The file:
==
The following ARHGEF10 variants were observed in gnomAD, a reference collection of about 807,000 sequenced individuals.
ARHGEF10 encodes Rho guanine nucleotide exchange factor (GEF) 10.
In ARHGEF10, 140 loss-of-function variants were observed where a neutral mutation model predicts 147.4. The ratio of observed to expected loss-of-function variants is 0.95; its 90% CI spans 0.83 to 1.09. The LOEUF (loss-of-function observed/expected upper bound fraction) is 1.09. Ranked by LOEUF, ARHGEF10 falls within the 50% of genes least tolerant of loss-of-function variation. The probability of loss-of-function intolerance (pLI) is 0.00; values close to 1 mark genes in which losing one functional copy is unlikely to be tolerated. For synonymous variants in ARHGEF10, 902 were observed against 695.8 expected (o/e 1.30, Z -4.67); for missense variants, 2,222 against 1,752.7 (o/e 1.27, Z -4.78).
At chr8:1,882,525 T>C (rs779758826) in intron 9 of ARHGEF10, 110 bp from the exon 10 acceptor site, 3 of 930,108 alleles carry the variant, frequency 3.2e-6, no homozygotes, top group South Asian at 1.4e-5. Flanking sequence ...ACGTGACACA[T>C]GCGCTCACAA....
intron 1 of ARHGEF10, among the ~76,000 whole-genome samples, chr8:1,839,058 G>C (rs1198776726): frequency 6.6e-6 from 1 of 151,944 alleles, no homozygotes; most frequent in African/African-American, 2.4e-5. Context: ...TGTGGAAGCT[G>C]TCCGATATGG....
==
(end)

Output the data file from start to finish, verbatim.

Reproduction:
The following ARHGEF10 variants were observed in gnomAD, a reference collection of about 807,000 sequenced individuals.
ARHGEF10 encodes Rho guanine nucleotide exchange factor (GEF) 10.
In ARHGEF10, 140 loss-of-function variants were observed where a neutral mutation model predicts 147.4. The ratio of observed to expected loss-of-function variants is 0.95; its 90% CI spans 0.83 to 1.09. The LOEUF (loss-of-function observed/expected upper bound fraction) is 1.09. Ranked by LOEUF, ARHGEF10 falls within the 50% of genes least tolerant of loss-of-function variation. The probability of loss-of-function intolerance (pLI) is 0.00; values close to 1 mark genes in which losing one functional copy is unlikely to be tolerated. For synonymous variants in ARHGEF10, 902 were observed against 695.8 expected (o/e 1.30, Z -4.67); for missense variants, 2,222 against 1,752.7 (o/e 1.27, Z -4.78).
At chr8:1,882,525 T>C (rs779758826) in intron 9 of ARHGEF10, 110 bp from the exon 10 acceptor site, 3 of 930,108 alleles carry the variant, frequency 3.2e-6, no homozygotes, top group South Asian at 1.4e-5. Flanking sequence ...ACGTGACACA[T>C]GCGCTCACAA....
intron 1 of ARHGEF10, among the ~76,000 whole-genome samples, chr8:1,839,058 G>C (rs1198776726): frequency 6.6e-6 from 1 of 151,944 alleles, no homozygotes; most frequent in African/African-American, 2.4e-5. Context: ...TGTGGAAGCT[G>C]TCCGATATGG....